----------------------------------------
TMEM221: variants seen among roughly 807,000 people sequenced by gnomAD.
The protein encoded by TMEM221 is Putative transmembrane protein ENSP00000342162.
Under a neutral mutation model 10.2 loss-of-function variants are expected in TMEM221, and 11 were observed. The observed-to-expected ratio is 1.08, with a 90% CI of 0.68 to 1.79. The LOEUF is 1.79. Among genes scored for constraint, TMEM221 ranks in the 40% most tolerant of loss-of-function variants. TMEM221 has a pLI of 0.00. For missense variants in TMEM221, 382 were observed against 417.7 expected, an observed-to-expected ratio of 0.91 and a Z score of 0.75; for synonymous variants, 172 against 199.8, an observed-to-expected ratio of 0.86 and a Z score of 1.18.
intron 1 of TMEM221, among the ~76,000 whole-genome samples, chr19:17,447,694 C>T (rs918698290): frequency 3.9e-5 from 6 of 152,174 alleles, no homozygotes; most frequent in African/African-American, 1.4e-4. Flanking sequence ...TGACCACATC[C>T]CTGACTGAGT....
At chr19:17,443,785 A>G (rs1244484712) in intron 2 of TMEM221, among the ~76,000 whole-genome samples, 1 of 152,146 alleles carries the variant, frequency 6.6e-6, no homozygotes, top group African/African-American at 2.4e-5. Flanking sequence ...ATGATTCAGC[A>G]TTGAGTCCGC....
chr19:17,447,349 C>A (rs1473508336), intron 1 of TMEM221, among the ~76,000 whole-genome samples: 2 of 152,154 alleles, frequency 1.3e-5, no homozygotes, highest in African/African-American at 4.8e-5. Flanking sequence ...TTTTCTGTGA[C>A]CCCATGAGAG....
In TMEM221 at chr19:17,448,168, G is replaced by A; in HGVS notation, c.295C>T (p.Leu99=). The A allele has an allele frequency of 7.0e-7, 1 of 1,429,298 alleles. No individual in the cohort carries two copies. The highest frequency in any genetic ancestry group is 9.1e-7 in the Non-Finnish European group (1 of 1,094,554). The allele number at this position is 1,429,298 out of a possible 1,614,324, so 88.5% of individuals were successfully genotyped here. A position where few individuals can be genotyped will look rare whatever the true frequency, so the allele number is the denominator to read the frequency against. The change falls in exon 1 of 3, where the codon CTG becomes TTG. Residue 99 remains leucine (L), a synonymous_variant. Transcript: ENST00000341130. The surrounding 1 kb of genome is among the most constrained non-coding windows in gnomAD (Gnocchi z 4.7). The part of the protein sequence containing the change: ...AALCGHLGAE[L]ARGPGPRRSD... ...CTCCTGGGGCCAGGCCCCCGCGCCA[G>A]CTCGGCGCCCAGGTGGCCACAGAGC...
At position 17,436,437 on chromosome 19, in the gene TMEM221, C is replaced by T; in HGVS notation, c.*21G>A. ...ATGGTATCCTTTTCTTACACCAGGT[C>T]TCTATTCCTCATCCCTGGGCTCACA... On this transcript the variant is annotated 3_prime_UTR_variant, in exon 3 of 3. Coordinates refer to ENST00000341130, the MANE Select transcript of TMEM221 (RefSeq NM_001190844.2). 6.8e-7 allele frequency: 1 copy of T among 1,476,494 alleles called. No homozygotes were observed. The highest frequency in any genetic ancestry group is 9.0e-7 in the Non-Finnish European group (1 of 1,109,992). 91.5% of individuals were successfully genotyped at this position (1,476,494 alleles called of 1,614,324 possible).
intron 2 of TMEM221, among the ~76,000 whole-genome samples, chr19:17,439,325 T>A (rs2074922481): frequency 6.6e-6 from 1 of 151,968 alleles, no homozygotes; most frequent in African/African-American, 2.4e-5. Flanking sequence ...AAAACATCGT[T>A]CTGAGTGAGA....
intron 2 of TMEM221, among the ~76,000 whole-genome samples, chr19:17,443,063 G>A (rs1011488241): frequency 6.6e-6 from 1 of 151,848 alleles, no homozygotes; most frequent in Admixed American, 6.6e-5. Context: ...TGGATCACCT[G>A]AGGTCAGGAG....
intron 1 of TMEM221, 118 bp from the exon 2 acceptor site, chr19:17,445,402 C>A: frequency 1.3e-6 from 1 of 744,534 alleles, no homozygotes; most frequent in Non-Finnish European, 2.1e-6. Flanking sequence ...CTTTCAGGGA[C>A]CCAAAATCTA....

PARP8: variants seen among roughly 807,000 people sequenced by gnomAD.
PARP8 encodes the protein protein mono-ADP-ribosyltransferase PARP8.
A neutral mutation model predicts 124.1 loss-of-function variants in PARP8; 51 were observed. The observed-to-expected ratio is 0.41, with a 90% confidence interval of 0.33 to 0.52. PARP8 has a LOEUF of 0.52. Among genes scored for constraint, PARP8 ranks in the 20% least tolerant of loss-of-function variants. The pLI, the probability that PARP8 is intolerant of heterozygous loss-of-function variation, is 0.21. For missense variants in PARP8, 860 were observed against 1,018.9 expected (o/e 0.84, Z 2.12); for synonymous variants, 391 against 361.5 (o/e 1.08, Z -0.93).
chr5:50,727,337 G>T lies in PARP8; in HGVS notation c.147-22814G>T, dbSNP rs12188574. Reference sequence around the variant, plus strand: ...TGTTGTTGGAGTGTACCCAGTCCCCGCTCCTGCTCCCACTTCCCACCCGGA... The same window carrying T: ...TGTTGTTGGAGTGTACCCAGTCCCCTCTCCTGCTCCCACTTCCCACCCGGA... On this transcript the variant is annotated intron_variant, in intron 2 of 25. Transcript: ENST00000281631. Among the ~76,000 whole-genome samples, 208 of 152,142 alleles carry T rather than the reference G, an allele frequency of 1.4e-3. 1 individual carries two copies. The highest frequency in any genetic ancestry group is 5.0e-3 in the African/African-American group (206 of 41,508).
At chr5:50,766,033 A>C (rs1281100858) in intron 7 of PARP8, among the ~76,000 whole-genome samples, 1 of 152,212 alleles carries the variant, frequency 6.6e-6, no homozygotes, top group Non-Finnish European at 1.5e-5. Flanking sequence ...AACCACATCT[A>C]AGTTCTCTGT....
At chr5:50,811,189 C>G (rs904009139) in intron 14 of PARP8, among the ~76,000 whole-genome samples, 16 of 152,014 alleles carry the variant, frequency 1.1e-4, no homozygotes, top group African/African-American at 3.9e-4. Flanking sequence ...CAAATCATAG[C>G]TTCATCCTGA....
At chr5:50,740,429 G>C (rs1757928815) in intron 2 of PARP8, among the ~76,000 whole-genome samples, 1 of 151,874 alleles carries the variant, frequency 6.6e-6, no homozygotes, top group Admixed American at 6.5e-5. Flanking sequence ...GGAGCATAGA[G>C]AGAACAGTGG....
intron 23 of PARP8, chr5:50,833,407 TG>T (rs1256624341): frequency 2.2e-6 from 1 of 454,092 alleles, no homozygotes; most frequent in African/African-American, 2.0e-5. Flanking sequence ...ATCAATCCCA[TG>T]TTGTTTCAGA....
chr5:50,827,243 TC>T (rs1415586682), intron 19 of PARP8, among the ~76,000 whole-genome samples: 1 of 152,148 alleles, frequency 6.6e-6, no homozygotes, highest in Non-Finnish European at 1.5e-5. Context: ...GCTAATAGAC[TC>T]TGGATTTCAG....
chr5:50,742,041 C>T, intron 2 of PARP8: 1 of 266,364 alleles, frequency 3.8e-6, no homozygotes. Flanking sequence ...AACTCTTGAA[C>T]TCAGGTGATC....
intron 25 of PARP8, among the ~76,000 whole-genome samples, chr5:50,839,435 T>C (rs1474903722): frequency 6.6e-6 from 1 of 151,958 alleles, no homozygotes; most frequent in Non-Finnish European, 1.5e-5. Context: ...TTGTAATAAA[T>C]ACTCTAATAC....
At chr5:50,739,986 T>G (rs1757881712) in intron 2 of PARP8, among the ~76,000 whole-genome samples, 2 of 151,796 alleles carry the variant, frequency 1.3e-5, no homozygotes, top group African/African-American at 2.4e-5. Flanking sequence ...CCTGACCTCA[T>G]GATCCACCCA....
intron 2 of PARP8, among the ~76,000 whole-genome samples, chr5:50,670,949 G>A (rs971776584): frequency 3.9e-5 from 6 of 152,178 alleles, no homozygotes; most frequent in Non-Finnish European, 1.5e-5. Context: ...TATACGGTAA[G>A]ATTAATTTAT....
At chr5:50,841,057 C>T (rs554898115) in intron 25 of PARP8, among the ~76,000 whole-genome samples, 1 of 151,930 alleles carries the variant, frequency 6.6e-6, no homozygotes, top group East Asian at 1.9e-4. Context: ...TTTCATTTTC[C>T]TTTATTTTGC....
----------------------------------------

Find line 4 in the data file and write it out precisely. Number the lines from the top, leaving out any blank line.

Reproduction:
intron 1 of TMEM221, among the ~76,000 whole-genome samples, chr19:17,447,694 C>T (rs918698290): frequency 3.9e-5 from 6 of 152,174 alleles, no homozygotes; most frequent in African/African-American, 1.4e-4. Flanking sequence ...TGACCACATC[C>T]CTGACTGAGT....